Baker is currently completing her clinical rounds at Flagler Hospital where she has two interpreters with her at all times, provided by the UNF Disability Resource Center. Her time as a nursing assistant in Tennessee and as a student doing clinical rounds has led her to become an advocate for deaf patients. One man in particular affected her deeply. At the hospital in Tennessee, Baker met with a patient who was going to have open heart surgery but had no interpreter. He had no information on the surgery he was going to have or the pre- and post-operation processes. She doesn’t want to see other patients with disabilities going through the healthcare system completely in the dark.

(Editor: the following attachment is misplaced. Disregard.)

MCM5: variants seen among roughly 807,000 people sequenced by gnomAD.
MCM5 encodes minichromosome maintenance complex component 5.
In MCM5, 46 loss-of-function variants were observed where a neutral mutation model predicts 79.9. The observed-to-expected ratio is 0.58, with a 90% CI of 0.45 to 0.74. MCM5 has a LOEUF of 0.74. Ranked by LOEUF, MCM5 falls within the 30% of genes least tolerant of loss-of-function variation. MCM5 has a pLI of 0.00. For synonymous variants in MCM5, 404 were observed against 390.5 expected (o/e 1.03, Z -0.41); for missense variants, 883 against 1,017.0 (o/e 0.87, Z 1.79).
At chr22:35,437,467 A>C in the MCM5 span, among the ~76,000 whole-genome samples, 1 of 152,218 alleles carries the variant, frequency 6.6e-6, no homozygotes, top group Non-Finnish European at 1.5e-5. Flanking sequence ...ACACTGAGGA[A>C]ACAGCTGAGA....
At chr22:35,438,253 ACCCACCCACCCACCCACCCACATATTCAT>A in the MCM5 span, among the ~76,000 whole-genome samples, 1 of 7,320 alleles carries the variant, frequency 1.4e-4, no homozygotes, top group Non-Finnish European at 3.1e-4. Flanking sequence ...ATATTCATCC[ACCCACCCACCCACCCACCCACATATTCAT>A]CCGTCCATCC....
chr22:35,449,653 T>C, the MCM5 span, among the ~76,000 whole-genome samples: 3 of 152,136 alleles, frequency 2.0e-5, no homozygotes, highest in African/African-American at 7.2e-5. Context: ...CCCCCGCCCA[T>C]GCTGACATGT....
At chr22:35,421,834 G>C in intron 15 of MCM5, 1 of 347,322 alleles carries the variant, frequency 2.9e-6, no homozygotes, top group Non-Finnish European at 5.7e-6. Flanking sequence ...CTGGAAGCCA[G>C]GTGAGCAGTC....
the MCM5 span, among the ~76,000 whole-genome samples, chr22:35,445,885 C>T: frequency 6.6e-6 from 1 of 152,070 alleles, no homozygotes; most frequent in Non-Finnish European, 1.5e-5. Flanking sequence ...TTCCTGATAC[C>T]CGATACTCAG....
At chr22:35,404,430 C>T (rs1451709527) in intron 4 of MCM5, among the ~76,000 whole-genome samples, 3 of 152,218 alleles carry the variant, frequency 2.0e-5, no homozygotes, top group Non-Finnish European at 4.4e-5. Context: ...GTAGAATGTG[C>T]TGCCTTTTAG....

Baker’s nursing experience has also taught her how to communicate with patients in different ways. She carries a pager for nurses to contact her and uses a tablet to access a remote sign language interpreter to talk to patients when an interpreter isn’t available in-person. She also convinced the hospital she worked at in Tennessee to hire her interpreter who now remains on staff working with deaf, blind, deaf and blind, and other handicapped patients.

Baker tells, “For deaf people, I’m hoping to start this process and experiences and do great, and then I can really open some doors permanently for some other deaf people to get their foot in the medical door. I’m really happy that the program took a risk on me. I feel more empowered to do a good job. I know that I can do it, and I want to show them that I can do it as well.”

To learn more about Bethany Baker, the first deaf nursing student to be admitted to the University of North Florida’s (UNF) School of Nursing, visit here.

Florida Universities Find Creative Solutions to Meet Demand for Nurses